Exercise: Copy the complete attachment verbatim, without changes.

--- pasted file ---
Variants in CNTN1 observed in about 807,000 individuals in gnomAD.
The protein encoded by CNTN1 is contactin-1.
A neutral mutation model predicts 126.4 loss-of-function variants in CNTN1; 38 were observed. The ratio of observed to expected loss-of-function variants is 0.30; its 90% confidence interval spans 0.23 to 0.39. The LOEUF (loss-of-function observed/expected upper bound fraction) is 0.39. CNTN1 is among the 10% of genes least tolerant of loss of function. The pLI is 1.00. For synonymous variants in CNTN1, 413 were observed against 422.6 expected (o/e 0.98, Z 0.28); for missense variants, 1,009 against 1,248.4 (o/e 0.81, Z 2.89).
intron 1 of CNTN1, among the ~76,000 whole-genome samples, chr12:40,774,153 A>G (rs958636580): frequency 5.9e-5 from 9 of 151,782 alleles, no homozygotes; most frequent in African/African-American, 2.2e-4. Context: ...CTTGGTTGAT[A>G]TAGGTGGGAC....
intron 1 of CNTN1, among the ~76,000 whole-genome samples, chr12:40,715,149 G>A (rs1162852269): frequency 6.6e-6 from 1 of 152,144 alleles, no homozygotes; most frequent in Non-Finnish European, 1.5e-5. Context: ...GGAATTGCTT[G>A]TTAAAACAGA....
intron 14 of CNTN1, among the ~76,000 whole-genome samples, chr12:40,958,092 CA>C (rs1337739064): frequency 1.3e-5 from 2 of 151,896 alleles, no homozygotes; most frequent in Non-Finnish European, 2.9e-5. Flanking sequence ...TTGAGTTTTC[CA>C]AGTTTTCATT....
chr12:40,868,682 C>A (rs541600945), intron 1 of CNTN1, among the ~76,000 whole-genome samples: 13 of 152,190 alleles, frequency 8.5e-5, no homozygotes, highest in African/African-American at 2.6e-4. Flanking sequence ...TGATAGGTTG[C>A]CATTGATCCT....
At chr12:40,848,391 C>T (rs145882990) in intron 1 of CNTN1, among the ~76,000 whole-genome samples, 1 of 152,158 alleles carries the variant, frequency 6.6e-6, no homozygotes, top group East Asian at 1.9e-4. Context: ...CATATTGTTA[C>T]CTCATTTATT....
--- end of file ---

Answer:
Variants in CNTN1 observed in about 807,000 individuals in gnomAD.
The protein encoded by CNTN1 is contactin-1.
A neutral mutation model predicts 126.4 loss-of-function variants in CNTN1; 38 were observed. The ratio of observed to expected loss-of-function variants is 0.30; its 90% confidence interval spans 0.23 to 0.39. The LOEUF (loss-of-function observed/expected upper bound fraction) is 0.39. CNTN1 is among the 10% of genes least tolerant of loss of function. The pLI is 1.00. For synonymous variants in CNTN1, 413 were observed against 422.6 expected (o/e 0.98, Z 0.28); for missense variants, 1,009 against 1,248.4 (o/e 0.81, Z 2.89).
intron 1 of CNTN1, among the ~76,000 whole-genome samples, chr12:40,774,153 A>G (rs958636580): frequency 5.9e-5 from 9 of 151,782 alleles, no homozygotes; most frequent in African/African-American, 2.2e-4. Context: ...CTTGGTTGAT[A>G]TAGGTGGGAC....
intron 1 of CNTN1, among the ~76,000 whole-genome samples, chr12:40,715,149 G>A (rs1162852269): frequency 6.6e-6 from 1 of 152,144 alleles, no homozygotes; most frequent in Non-Finnish European, 1.5e-5. Context: ...GGAATTGCTT[G>A]TTAAAACAGA....
intron 14 of CNTN1, among the ~76,000 whole-genome samples, chr12:40,958,092 CA>C (rs1337739064): frequency 1.3e-5 from 2 of 151,896 alleles, no homozygotes; most frequent in Non-Finnish European, 2.9e-5. Flanking sequence ...TTGAGTTTTC[CA>C]AGTTTTCATT....
chr12:40,868,682 C>A (rs541600945), intron 1 of CNTN1, among the ~76,000 whole-genome samples: 13 of 152,190 alleles, frequency 8.5e-5, no homozygotes, highest in African/African-American at 2.6e-4. Flanking sequence ...TGATAGGTTG[C>A]CATTGATCCT....
At chr12:40,848,391 C>T (rs145882990) in intron 1 of CNTN1, among the ~76,000 whole-genome samples, 1 of 152,158 alleles carries the variant, frequency 6.6e-6, no homozygotes, top group East Asian at 1.9e-4. Context: ...CATATTGTTA[C>T]CTCATTTATT....